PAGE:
Exercise Training Protocol
Subjects in the experimental group were exercised on an adapted cycle ergometer for 30 minutes a session, three times per week, for 10 weeks. During the first 4 weeks of the program, the training load was gradually increased from a workload representing 30% to 50% of maximal effort to the highest level attainable by the subject. The highest training load was then maintained for the final 6 weeks of training.
Passive Range-of-Motion Protocol
Subjects in the control group were given passive exercise for range of motion to body joints in a systematic procedure for 30 minutes, three times a week, for 10 weeks. Heart rate and blood pressure were monitored as in the experimental aerobic training group.
Heart rate was obtained from the RR interval on the electrocardiogram. Resting heart rate was determined after the subject sat for 20 minutes at rest in the laboratory before getting on the ergometer for a graded exercise test. Maximal heart rate during the graded exercise test was the average heart rate during the last 30 seconds of exercise.
Brachial artery blood pressure in the subject’s unaffected arm was measured using a calibrated mercury sphygmomanometer. Procedures followed the American Heart Association Recommendations for Human Blood Pressure Determination.10 The systolic blood pressure (SBP) was determined at the first Korotkoff sound and the diastolic blood pressure (DBP) at the fifth Korotkoff sound. Resting blood pressure was determined after the subject sat for 20 minutes at rest in the laboratory before getting on the ergometer for a graded exercise test. Blood pressure during exercise was measured every 2 minutes during the graded exercise test and at specified intervals during training sessions.
Exercise Metabolic Parameters
V̇o2, V̇co2, V̇e, and RER were continuously determined during graded exercise tests using a breath-by-breath respiratory gas analysis assembly and appropriate computerized software (Medical Graphics Cardiopulmonary Exercise Stress Testing System, model 2001). Maximal values for exercise parameters were the average values during the last 30 seconds of exercise.
The electronically braked ergometer (Mijnhardt, model KEM-3) features an automatic resistance adjustment to maintain the specified workload within a wide range of cadence (50 to 70 rpm). Subjects achieved the specified workload by maintaining the cadence between 50 to 70 rpm. The maximal workload for each graded exercise test was the highest workload maintained for at least 30 seconds.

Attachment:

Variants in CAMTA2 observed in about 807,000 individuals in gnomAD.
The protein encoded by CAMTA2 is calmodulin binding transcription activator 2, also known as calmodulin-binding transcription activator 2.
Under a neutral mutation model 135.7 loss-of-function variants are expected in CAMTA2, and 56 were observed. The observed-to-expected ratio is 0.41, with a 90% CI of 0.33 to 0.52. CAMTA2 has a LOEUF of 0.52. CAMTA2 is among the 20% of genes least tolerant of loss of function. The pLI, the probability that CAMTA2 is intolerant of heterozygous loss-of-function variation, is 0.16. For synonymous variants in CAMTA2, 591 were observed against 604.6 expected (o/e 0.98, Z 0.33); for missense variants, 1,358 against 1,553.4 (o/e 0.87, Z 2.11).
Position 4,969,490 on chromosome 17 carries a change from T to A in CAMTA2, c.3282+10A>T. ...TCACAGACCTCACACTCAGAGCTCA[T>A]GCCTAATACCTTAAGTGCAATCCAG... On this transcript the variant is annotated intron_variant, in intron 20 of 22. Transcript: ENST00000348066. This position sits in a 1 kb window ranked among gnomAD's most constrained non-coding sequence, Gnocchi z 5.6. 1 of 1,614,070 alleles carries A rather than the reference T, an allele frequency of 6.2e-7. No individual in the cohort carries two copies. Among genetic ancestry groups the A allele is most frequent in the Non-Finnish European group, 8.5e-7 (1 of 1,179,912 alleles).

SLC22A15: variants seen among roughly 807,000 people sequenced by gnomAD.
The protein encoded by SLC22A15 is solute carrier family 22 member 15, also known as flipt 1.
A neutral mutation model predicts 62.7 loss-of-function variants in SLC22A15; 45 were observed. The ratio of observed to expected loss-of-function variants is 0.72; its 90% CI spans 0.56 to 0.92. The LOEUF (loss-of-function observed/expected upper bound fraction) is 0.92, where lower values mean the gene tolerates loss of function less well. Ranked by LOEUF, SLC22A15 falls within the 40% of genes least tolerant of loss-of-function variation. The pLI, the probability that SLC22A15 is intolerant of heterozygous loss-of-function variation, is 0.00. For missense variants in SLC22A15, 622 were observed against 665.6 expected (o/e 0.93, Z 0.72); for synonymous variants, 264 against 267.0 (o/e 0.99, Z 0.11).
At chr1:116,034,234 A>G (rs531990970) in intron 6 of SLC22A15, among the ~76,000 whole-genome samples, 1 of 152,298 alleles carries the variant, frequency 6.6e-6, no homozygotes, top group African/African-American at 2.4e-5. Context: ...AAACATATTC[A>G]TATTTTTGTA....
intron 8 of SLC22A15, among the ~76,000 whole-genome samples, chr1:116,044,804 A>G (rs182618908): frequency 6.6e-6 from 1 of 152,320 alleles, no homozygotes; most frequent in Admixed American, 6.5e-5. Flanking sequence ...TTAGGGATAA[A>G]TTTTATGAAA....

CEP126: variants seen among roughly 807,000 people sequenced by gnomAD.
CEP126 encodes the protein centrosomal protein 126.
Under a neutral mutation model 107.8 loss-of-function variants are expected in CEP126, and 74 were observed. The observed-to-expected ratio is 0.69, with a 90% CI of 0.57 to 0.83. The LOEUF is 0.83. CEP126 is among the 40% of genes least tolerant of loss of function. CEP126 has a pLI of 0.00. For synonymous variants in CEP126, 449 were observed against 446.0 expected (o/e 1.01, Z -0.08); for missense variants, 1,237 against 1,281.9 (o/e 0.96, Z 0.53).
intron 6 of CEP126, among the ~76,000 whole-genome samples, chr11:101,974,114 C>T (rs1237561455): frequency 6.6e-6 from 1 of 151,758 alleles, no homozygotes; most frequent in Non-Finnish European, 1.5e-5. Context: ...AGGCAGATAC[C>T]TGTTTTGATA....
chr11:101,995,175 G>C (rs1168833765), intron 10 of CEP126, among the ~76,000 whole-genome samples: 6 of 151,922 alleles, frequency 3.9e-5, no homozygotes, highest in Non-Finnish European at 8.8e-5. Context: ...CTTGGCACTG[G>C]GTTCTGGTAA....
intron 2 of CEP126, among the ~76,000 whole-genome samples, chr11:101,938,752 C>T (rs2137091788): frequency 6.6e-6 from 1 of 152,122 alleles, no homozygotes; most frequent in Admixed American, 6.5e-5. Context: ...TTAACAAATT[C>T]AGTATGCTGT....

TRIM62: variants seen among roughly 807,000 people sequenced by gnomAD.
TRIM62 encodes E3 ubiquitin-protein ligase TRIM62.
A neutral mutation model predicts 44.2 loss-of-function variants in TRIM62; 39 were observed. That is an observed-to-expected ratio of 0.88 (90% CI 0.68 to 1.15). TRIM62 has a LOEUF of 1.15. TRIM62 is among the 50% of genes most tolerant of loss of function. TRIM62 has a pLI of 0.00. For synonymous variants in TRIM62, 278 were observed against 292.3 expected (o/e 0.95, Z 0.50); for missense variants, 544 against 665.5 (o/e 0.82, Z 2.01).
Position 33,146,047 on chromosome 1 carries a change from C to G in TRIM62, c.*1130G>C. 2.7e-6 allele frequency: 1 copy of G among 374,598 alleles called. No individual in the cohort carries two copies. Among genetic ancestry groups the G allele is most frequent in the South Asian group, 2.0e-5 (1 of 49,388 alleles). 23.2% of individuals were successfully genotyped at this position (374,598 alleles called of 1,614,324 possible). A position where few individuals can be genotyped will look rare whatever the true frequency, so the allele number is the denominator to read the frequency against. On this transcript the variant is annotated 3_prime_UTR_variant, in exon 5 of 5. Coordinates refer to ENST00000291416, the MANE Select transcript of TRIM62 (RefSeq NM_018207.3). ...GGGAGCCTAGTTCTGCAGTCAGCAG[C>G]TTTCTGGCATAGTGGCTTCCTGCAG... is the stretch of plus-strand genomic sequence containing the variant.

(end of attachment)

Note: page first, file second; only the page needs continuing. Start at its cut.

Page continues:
Exercise time was the total amount of time in seconds of the graded exercise test counted from the first downward stroke of the ergometer pedal until the subject stopped pedaling.
Functional improvement was assessed with the Fugl-Meyer Index,8 a 113-item observer-rated measure of sensorimotor function. Total and subscale scores were used to determine functional improvement with training. Previous work in our laboratory established the α internal consistency reliability of the instrument as .96 for the total scale and .75, .56, .51, and .96 for the sensation, proprioception, balance, and motor subscales, respectively. The intraclass correlation of interrater reliability was .99 for the total instrument and .97, .94, .63, and .99 for the sensation, proprioception, balance, and motor subscales, respectively.11 The Fugl-Meyer Index was administered by three registered physical and occupational therapists who were trained in the procedure.
This was a randomized, controlled clinical trial with a 2×2 experimental design to determine the impact of aerobic training on physiological and functional outcomes in hemiparetic stroke patients. A power analysis using data from our preliminary case work showed that a sample size of 21 per cell will produce a power of .80 with an effect size of .884 (standardized units) with an α of .05. The preliminary case work also showed that we could expect this magnitude of effect size for the principle variables in the study. Descriptive statistics were used to characterize the sample and to display baseline exercise responses. All data are presented as mean±SEM. Data were subjected to a series of statistical analyses. First, treatment effects were determined by a repeated-measures ANOVA of baseline and posttreatment scores by treatment group. The differences between baseline and posttest measurements were then computed as percentage changes to describe how exercise training changed maximal V̇o2, workload, exercise time, and Fugl-Meyer Index. These percentage changes were used in subsequent ANOVA and ANCOVA of treatment outcomes. Two-way ANOVA was used to determine the influence of lesion location (right or left hemisphere) on treatment outcomes. A series of covariate analyses were performed to determine the influence of age, pretreatment fitness level, training workload, and pretreatment functional status on treatment outcomes. Pearson correlations were performed to determine the magnitude and significance of the relationship between improvement in aerobic fitness and improvement in functional outcome.
To determine the effect of training on exercise blood pressure responses, SBP and DBP were measured at three submaximal workloads during exercise (0, 20, and 40 W). These three blood pressure readings were examined in a subset of subjects (n=25) who completed at least 40 W of exercise. For each of the three workloads, we measured the magnitude of change with treatment as the difference between pretest and posttest measures. These derived-change scores were subjected to repeated-measures ANOVA to determine differences in treatment effects by group.